— by Inya Ivkovic, MA
Since the credit crisis first hit the fan, last week was the first time an actual number was stuck to it, quantifying just how bad things could get for the financial industry if it dives into a deep recession. The stress test results are in: the federal government’s study has determined that 10 out of 19 banks tested came up short, needing about $75.0 billion in fresh capital. If nothing else, this study should give investors what they’ve never had before — the knowledge of which emperor has no clothes!
For the nine strong banks, including JPMorgan Chase & Co. (JPM/NYSE), State Street Corporation (STT/NYSE) and Goldman Sachs (GS/NYSE), this is an important confirmation that they can be trusted, that they can meet their financial obligations, and that they can free themselves from Washington’s not-so-subtle and certainly not gentle embrace. Knowing that, these nine banks could perhaps start lending more easily again, sending much-needed healthy capital into the financial system.
And as for the remaining 10, if they can’t find $75.0 billion on their own, which wouldn’t come as a surprise to anyone anymore, rest easy, because Washington promised to give them what stressed banks need to help the financial industry keep afloat…but with strings attached.
What did Obama’s administration want to know? The administration wanted to test 19 top U.S. banks with more than $2.0 trillion in total assets and find out how they would fare if the economic environment worsened in the next 12 months. By “worsening economic environment,” the government assumed a 3.3% decline in GDP, an unemployment rate of 10.3%, and a 22% decline in house prices. Some thought this was too optimistic, some thought this was too pessimistic. Regardless, the government’s worst-case scenario came up with all of the banks losing in aggregate $600 billion in 2009 and 2010 and needing a total of $75.0 billion in additional capital to break even at the minimum.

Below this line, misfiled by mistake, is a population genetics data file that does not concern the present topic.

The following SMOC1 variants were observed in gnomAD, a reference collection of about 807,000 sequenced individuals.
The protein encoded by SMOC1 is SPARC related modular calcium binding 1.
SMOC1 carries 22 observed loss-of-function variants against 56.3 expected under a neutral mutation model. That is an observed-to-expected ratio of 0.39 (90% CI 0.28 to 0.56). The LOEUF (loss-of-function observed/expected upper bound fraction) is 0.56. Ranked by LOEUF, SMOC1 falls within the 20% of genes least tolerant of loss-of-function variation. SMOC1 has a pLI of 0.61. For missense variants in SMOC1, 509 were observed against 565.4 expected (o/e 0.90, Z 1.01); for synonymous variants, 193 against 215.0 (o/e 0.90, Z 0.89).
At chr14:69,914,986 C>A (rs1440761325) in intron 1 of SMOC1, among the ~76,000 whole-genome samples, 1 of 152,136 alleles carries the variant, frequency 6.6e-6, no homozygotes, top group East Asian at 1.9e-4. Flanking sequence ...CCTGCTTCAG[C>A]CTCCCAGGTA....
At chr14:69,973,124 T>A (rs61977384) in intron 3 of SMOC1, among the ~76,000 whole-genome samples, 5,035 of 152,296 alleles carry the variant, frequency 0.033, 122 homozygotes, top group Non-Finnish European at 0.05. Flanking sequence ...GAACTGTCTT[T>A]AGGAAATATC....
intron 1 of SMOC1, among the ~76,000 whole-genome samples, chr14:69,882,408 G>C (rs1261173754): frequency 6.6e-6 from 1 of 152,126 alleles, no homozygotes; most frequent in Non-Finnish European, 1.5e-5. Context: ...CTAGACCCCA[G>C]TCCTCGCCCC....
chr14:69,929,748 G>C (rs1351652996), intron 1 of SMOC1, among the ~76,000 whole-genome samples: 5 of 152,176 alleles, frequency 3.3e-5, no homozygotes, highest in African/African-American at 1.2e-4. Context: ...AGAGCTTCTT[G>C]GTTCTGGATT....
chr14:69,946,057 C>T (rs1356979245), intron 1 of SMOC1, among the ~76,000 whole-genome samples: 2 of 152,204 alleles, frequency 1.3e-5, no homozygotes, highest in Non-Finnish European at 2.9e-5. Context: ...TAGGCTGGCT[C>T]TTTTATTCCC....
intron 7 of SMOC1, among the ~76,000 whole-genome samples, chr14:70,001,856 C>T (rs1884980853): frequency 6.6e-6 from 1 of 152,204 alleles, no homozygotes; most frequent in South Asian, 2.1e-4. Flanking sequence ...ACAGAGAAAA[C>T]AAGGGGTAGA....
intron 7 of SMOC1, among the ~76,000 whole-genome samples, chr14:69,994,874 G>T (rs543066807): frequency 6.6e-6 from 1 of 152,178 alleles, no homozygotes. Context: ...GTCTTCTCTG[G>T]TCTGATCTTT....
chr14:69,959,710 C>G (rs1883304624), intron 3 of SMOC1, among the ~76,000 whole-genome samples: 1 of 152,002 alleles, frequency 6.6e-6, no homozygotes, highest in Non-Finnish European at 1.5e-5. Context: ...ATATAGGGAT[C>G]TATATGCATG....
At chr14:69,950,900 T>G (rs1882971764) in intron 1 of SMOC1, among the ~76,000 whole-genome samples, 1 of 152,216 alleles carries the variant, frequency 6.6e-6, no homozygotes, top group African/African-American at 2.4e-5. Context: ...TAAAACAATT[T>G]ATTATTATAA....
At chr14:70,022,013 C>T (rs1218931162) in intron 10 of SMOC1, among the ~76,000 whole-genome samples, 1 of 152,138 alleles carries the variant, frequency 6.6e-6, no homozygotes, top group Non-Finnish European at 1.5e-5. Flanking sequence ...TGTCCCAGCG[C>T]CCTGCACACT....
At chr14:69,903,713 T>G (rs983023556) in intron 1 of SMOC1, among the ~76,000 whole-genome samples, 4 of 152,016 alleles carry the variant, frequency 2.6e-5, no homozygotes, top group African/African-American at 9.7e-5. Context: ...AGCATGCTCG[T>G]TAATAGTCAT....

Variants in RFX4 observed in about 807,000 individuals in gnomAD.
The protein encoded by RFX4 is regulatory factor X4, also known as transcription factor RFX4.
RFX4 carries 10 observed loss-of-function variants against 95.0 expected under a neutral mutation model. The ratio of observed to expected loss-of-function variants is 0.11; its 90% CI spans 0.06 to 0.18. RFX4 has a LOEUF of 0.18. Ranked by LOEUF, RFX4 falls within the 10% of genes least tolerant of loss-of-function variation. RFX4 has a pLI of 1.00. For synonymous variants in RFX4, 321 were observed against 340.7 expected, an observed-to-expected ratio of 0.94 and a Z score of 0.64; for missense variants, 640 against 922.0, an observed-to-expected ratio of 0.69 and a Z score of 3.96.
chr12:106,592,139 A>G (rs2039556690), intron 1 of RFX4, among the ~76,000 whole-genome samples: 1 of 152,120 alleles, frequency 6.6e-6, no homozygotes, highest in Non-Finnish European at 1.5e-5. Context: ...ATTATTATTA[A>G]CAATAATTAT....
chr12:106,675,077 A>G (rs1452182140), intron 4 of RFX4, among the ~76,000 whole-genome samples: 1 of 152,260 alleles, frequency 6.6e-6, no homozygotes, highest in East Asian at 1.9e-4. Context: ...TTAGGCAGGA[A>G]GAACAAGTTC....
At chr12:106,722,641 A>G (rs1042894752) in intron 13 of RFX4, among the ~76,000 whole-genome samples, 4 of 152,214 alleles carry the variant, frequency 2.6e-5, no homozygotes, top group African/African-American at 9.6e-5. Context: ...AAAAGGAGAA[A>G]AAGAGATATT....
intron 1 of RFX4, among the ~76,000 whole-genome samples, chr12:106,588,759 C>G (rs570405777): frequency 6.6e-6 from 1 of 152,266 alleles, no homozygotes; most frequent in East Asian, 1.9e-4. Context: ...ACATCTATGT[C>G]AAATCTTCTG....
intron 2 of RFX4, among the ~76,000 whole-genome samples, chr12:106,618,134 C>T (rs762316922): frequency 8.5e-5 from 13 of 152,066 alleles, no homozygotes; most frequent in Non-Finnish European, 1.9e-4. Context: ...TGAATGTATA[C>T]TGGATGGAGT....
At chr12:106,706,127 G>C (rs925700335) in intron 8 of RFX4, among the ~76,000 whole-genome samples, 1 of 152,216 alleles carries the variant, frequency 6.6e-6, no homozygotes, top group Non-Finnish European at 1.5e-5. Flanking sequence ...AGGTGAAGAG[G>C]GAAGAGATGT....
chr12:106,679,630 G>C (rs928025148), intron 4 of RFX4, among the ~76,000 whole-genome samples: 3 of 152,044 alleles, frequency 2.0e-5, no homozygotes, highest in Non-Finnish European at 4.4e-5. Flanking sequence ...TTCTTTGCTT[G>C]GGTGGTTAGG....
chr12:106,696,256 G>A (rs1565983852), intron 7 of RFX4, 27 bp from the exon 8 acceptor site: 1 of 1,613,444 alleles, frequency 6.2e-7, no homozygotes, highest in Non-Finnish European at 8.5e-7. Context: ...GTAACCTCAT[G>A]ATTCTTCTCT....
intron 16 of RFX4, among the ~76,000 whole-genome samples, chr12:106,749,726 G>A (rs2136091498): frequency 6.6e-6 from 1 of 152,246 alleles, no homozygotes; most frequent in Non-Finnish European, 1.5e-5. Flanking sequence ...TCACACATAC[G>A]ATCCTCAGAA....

One interesting thing came out of the stress test and that was Obama’s readiness to acknowledge the difference between the “haves” and the “have-nots.” This is was something that policymakers were previously very careful to avoid during a crisis. It started with Bush administration, when the Troubled Asset Relief Program (TARP) was first introduced. Under TARP, all major banks were required to take government money whether they needed it or not. The government reasoned that it truly feared there would be bank runs on some of the weaker players.
The $75.0-billion question now is: how are the 10 weaker banks going to deal with their capital deficiencies? If nothing else, needing more capital may embed them even more firmly into Washington’s grip. As it turned out, Bank of America Corporation (BAC/NYSE) is the neediest among the test 19 banks and must dig up a whopping $34.0 billion in new capital from somewhere in order to prepare for the worst. To do that, Bank of America may have to convert some of its preferred shares into common shares, with the government potentially ending up as its largest shareholder.
Wells Fargo & Company (WFC/NYSE) is next on the list, needing $13.7 billion in new capital. The company has announced that it will try to sell $6.0 billion of its shares. Meanwhile, Citigroup Inc. (C/NYSE) is dealing with a shortfall of $5.5 billion. Citigroup has been relying heavily on government help, and it also promised to convert preferred shares into common shares to bridge that shortfall.
But at least Bank of America, Wells Fargo and Citigroup have options, albeit they’re not all that pleasant. The future of GMAC LLC (GOM/NYSE), on the other hand, is much gloomier. This is the financing company at the epicenter of the government’s efforts to save General Motors Corporation (GM/NYSE). GMAC needs $11.5 billion and it has absolutely no idea how to raise it.